Global Marketing

Global Branding Strategies

Solo Branding can best be explained by a parent company launching stand-alone individual brands. For example, Procter and Gamble (P&G) brands like Pampers, Tide, and Gillette are all stand-alone brands. Rather than branding Tide as “Tide by Procter and Gamble,” P&G strategically allows each brand to have its own identity. Simply put, Tide is Tide and Gillette is Gillette. Similarly, Toyota owns Lexus but allows Lexus to be branded independently of Toyota. One advantage to this strategy is that a brand can be tailored to different customer segments and can take a different strategic position (e.g., differentiation vs. cost-leadership). Toyota aims at cost-leadership and provides lower prices to customers, and Lexus focuses on differentiation and improving customer perceived value to seek premium pricing.

Hallmark Branding is when a company uses one brand for all products and services. In the 1980's Beatrice Foods Company utilized Beatrice to brand all of its products. Beatrice was using the corporate name as an endorser brand for its products and services. The problem with Beatrice's strategy was that it was difficult for customers to see the similarities or shared values among the various brands. While the Beatrice Food Company hallmark branding strategy was not successful, it is a prime example of the hallmark branding strategy. The goal of hallmark branding is to leverage the strong corporate brand name to increase a new product's legitimacy and adoption.

Family (Umbrella) Branding is when the parent company launches products/services under the corporate brand and eliminates individual brands' need. Firms that utilize family branding can benefit from being associated with a strong parent brand name. Kraft is known for its umbrella branding strategy, where its products all have the parent company name. Some Kraft products include Kraft Real Mayo, Kraft Singles, and Kraft Cool Whip. When the parent brand has a strong brand image and loyalty, launching umbrella brands can help transfer some of the brand associations onto each product.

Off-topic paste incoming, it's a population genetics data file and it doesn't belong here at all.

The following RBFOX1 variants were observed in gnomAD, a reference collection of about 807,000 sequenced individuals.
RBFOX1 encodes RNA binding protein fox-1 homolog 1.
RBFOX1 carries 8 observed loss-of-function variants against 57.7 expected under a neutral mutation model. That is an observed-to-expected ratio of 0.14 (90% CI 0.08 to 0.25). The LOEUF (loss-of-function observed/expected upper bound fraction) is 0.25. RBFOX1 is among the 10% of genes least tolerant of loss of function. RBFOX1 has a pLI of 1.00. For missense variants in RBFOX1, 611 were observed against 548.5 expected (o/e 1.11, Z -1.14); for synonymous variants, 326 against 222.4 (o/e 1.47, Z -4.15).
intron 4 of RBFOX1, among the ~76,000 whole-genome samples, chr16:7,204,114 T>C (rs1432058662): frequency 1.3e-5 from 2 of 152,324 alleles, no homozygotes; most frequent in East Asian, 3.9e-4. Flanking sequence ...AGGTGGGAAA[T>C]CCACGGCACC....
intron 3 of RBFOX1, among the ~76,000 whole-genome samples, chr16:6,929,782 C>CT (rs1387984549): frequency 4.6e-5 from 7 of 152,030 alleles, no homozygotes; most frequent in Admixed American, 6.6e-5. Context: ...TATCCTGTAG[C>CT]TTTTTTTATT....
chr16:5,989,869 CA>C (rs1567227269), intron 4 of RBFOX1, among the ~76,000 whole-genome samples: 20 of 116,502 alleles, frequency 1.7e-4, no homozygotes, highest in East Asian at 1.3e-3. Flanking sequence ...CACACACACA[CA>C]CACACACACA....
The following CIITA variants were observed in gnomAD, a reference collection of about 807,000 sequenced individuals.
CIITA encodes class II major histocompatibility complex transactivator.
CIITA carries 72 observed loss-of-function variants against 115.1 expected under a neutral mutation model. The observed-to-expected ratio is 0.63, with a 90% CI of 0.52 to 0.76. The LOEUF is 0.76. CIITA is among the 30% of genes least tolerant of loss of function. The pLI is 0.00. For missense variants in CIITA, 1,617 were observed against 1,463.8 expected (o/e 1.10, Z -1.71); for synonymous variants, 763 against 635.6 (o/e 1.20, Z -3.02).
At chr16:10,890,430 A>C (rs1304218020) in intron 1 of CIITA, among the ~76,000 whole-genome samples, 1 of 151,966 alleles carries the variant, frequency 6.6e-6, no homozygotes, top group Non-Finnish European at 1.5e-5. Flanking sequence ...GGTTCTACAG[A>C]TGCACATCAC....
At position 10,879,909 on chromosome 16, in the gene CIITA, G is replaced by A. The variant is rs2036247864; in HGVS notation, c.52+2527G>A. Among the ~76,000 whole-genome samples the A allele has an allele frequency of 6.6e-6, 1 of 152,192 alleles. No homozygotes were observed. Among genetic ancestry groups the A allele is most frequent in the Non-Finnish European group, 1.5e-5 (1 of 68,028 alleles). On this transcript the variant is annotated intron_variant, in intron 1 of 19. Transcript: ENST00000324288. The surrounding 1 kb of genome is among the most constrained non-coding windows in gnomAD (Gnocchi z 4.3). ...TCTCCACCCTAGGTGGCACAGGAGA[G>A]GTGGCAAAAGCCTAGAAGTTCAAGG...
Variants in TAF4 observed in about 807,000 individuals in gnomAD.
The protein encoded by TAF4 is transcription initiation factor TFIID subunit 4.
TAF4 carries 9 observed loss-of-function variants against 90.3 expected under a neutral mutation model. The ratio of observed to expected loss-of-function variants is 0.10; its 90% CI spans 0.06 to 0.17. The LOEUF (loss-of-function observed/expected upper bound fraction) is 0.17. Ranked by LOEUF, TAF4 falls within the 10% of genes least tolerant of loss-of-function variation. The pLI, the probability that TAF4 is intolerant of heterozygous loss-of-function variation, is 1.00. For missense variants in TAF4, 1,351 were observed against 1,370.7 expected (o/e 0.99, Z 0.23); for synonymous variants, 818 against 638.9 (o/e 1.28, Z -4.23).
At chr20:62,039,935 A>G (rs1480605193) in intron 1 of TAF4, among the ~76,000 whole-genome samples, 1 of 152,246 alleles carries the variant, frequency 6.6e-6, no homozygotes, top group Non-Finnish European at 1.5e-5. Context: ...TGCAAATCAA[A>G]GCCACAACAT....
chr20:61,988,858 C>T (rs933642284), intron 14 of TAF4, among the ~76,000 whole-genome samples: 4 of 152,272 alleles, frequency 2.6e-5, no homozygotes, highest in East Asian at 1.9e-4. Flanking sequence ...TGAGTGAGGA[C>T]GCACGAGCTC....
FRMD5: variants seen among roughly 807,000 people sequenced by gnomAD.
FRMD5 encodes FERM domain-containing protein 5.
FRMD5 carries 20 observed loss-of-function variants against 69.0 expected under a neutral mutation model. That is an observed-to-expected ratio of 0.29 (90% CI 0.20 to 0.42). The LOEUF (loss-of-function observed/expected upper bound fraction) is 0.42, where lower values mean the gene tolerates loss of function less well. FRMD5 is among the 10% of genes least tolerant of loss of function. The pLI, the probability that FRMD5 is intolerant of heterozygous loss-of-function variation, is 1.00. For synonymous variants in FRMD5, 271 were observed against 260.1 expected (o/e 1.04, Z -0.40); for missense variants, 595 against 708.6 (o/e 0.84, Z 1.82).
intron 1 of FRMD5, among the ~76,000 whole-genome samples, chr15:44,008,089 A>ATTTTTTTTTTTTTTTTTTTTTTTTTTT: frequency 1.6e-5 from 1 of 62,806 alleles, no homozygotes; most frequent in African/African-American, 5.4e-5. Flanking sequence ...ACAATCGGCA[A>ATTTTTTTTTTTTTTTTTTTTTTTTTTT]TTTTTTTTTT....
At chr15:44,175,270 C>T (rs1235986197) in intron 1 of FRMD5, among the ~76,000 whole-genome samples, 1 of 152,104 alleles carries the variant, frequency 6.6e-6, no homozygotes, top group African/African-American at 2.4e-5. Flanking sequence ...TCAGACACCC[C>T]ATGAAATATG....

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Extension Branding is when a company leverages its existing brand to enter a new product category. An example of brand extension is when Colgate extended its brand portfolio from offering toothpaste to toothbrushes. Brand extensions reduce promotional costs and help with the customer acceptance of the new product. Brand extensions tend to succeed when customers have favorable associations with the original brand, when customers see a match between the original brand and the new category, and when the new product does not damage the original brand. It is important to note that companies cannot succeed in all brand extensions. For example, in the 1980s, Colgate launched a Beef Lasagna brand. (Food and Wine). The Colgate Beef Lasagna brand was unsuccessful. One reason could be that the brand extension was so far removed from what customers expected of the Colgate brand. Extending into a new product category that is not tied to the existing brand associations can pose significant risks that may hinder product adoption.